I don’t know much about COngressman Levin, but if he has that much clout, then his statement about the USAF not having yet convinced him that the mixup did not give EADS an advantage is ominous. As far as I understantd though, his only protest free option would be to force cancellation of the competition and cause round 4(?) in this saga.

      As far as I am concerned, the concerns of and statements from Boeing, the “pro-Boeing lawmakers” and the “Boeing supporters” is merely partisan hot air. Which unfortunately might be taken seriously. To me that quote I have included is the most important part of this article.

      • See, the reasoning for why the AF seems to have introduced diffentiated base access is from the honorable Loren Thompson.

        I would wait for the AF to come out with the reasoning for the probably true deviation from process.
        Mr. Thompsons interpretation imho falls on its face : denying bases to the A330
        would be a loss not a gain.
        But not _having to use_ certain bases due to better performance requiring less staging forex would be a major gain for the A330.

      • I think the critical point is when they altered the IFARA rquirements. If it was before the current round request for bids was sent out, the DoD should be in the clear.

        Boeing obviously want to spin any change like this as deliberate bias in favor of their opponents. I imagine the DoD would argue that the revised model was more realistic. If larger planes can operate effectively from bases that are a bit further from the front line, then that’s a flexibility that’s worth having.

      • If I recall corectly, the issue was to do with runway length. Fully laden, the A330 requries a longer runway than the B767 fully laden. But as the 767 carries less than the A330,the A330 requires a shorter runway than the 767 for the same weight of goods. In practice, if the A330 has to use those bases it can do so at no detriment on runway length, compared with the 767.

    • wasn’t this one of the complaints made to the GAO by Boeing last time around?. is this truly a new complaint or did some journalist dig up some old data?

  9. Best and Final will probably be price only and the gap between bidders should be more than 1%, however we shall see? Stand-by for Protests, battle stations and may the Wind be with you!

    • I disagree partly. Yes there is a price componant, but there is a reasoning behind the prices offered.

      If you go back to the intention of this exercise. Replacing the KC-135. The USAF being the client in this bid, has set her requirement. It contains, if I have understood it correctly, a minimal requirement bill that has to be met for entrance in to the bid. If passed, both bids will be entered in the IFARA model. This is a model to check the performance of each bidder in perspective of the clients requirement. When these results are available each bidder can adjust its price according to its IFARA score. And then the USAF chooses a bidder that has the best combination of IFARA and price.

      If correctly assumed on my behave, this sounds like a economically most valuable bid bidding process(I don’t know the correct English term for this). Basically a less performing but cheaper product can compete against a more expensive but more capable product, because the performance score cancels the expensiveness out or the other way around. This is a very transparent bidding process if the requirements are formulated according SMART methods.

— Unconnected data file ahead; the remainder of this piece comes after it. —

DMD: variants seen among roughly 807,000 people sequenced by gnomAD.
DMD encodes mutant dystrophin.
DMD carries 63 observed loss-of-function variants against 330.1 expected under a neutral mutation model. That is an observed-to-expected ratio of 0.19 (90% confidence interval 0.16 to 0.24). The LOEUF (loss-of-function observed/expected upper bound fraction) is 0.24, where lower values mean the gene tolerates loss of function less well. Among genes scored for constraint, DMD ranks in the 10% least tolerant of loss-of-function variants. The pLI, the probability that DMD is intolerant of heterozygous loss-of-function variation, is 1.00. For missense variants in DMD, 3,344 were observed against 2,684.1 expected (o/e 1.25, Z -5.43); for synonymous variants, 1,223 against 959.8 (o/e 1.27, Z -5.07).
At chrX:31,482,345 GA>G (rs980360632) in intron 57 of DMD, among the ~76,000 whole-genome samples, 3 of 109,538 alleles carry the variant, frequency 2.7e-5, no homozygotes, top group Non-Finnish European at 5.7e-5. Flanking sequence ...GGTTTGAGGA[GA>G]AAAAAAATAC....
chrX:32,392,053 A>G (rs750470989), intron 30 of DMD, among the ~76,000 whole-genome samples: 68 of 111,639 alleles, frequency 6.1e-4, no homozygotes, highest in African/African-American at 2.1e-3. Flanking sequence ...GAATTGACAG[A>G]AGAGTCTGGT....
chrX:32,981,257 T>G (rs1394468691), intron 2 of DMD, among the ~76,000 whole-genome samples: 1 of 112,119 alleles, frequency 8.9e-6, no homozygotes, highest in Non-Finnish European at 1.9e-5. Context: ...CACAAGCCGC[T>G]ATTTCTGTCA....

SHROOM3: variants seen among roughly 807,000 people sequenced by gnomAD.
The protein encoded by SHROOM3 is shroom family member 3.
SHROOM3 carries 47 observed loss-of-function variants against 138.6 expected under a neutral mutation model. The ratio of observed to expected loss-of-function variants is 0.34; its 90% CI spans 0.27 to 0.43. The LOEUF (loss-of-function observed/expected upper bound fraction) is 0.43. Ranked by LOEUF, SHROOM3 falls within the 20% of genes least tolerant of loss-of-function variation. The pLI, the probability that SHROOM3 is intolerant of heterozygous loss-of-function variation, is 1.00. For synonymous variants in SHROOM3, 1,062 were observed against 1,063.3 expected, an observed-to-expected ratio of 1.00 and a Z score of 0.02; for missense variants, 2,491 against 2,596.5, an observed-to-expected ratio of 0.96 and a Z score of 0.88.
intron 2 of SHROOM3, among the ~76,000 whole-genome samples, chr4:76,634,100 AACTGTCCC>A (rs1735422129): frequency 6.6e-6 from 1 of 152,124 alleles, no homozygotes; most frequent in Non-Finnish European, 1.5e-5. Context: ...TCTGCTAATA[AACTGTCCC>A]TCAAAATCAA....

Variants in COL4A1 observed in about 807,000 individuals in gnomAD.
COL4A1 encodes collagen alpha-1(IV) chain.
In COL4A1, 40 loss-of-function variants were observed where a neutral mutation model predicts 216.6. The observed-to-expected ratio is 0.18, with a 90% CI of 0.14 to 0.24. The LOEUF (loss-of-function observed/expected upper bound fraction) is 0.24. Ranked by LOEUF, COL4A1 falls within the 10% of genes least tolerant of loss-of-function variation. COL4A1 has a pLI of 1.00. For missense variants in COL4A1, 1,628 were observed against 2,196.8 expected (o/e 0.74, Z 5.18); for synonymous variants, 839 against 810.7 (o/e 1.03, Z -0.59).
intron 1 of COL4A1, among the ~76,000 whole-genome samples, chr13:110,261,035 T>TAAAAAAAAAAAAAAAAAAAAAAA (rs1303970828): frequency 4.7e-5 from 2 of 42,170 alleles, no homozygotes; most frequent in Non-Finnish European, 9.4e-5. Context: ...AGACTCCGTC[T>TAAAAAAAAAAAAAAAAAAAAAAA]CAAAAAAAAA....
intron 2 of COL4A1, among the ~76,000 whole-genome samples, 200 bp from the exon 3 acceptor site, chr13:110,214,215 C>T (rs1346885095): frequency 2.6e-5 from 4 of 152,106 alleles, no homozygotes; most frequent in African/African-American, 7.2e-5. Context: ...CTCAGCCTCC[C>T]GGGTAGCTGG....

What I suspect is that Boeing confirmed that for this bid, Airbus has the better product according to the IFARA requirements(I believe it was in the press not long after both parties got both IFARA scores). Boeing probably realized at that point that they have to go really low with their price, to compete with the IFARA performance advantage of Airbus. Airbus has to guess how low Boeing will go and adjust it price to its to just win it by a small margin(More than the 1% but it would be useless to go way to low and miss profit). Nothing out of the ordinary for biddings, this still would be the case if the IFARA wouldn’t have been known by both parties but than without the knowledge of how good your opponent is. So the tax payers benefit from this mishap, as prices are lowered further because of the availability of the IFARA scores.

      As I assume there is a significant difference in IFARA scores(advantage for Airbus), the argument of airbus receiving subsidies become less valid as it turns out that the performance weighs more in the final decision. So Boeing is losing because it is offering a inferior product according to the USAF requirement.Un less offcourse it can go really low on the price.

      So the remaining question is; Are the requirement of the USAF reflect what they want? If so they apparently wanted what Airbus has to offer.

  10. Meanwhile:

    Chief Executive Tom Enders said on Saturday the European planemaker’s parent company EADS would not improve its bid to build a fleet of U.S. Air Force aerial refueling planes. “It is not our style to make hectic corrections at the last minute,” Enders told Reuters in an interview on the sidelines of a security conference in Munich. Enders said EADS had made a very good offer for the contract, that also made economic sense, whereas competitor Boeing Co (BA.N) had announced “last changes” to its bid.

    http://www.reuters.com/article/2011/02/05/us-airbus-us-interview-idUSTRE7141O320110205

  11. And while we are waiting for the outcome of this competition, we can always listen to J. S. Bach.

    Lewis Thomas, the noted biologist and physician, on how the people of Earth should communicate with other civilizations in the universe: “I would vote for Bach, all of Bach, streamed out into space, over and over again. We would be bragging, of course, but it is surely excusable to put the best possible face on at the beginning of such an acquaintance. We can tell the harder truths later.